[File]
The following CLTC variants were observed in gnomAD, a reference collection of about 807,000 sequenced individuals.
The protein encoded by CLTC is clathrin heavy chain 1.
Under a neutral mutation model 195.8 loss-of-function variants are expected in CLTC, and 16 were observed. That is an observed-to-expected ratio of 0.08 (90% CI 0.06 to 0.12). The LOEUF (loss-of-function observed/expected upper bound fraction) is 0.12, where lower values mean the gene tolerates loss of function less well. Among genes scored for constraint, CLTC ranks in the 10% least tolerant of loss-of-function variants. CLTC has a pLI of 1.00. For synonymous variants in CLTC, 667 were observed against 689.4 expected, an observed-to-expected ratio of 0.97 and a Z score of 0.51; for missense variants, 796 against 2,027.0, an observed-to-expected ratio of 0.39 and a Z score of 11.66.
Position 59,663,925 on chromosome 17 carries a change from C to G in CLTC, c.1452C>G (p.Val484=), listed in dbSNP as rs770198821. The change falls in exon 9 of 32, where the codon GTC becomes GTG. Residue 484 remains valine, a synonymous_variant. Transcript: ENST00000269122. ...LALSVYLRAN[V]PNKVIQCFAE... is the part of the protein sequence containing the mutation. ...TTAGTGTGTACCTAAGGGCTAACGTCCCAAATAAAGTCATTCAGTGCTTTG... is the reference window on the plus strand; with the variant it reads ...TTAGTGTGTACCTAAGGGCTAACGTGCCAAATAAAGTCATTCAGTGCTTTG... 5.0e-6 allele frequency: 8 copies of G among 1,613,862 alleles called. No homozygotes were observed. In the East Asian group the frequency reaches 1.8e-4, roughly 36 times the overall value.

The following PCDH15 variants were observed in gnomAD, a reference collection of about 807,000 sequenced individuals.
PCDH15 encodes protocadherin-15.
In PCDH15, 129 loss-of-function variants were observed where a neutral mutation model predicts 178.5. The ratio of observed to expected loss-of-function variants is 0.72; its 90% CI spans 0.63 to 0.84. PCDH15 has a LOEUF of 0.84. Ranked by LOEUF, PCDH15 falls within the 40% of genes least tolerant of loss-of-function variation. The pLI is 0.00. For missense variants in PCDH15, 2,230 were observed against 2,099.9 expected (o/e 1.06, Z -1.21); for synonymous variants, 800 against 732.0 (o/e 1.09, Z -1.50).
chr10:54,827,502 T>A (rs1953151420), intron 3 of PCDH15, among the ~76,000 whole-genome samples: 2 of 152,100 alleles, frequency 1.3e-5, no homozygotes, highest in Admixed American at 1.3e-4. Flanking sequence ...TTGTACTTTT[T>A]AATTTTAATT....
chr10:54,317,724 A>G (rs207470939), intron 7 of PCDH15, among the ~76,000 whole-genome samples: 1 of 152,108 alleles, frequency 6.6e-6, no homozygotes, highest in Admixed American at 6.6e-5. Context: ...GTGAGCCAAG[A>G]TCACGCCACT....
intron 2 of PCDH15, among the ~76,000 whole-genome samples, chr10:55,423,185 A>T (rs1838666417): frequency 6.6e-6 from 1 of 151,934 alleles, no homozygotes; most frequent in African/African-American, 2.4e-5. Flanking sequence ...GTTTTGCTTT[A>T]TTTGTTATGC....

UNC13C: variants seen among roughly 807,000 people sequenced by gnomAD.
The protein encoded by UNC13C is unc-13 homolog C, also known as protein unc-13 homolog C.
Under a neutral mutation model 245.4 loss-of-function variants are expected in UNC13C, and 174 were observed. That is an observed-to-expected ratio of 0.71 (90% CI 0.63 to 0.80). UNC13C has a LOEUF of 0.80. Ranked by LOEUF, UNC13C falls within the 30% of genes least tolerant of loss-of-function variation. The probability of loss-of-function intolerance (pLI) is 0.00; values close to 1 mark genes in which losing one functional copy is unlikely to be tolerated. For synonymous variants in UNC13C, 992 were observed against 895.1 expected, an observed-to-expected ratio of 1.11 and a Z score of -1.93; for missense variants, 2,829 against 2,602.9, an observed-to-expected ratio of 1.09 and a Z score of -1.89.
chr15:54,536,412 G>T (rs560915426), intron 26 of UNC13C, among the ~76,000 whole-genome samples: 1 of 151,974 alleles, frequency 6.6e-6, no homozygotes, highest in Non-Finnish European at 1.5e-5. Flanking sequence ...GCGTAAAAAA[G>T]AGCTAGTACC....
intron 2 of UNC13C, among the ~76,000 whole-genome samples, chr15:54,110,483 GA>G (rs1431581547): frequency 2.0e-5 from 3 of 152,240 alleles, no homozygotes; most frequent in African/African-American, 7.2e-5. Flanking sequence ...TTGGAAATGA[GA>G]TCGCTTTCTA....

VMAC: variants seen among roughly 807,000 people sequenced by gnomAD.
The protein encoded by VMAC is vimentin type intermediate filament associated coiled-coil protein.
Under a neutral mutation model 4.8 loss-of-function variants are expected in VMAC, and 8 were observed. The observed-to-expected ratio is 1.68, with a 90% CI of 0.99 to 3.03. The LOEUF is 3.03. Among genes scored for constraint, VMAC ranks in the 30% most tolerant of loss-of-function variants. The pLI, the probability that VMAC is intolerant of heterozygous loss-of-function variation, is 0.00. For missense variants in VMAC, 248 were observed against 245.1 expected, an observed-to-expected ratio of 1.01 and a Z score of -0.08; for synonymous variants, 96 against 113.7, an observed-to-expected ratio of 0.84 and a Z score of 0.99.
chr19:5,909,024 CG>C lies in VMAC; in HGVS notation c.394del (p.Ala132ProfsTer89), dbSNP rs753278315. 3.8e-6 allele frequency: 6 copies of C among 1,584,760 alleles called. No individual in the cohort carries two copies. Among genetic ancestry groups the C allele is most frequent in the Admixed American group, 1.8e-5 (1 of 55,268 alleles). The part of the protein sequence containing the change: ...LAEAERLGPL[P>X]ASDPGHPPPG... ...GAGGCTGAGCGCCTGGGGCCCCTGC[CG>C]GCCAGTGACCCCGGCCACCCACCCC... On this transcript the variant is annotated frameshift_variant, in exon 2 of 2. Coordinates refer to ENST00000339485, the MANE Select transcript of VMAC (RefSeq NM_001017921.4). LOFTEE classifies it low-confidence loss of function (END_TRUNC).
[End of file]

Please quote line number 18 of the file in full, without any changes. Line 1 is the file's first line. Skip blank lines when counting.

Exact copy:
Under a neutral mutation model 4.8 loss-of-function variants are expected in VMAC, and 8 were observed. The observed-to-expected ratio is 1.68, with a 90% CI of 0.99 to 3.03. The LOEUF is 3.03. Among genes scored for constraint, VMAC ranks in the 30% most tolerant of loss-of-function variants. The pLI, the probability that VMAC is intolerant of heterozygous loss-of-function variation, is 0.00. For missense variants in VMAC, 248 were observed against 245.1 expected, an observed-to-expected ratio of 1.01 and a Z score of -0.08; for synonymous variants, 96 against 113.7, an observed-to-expected ratio of 0.84 and a Z score of 0.99.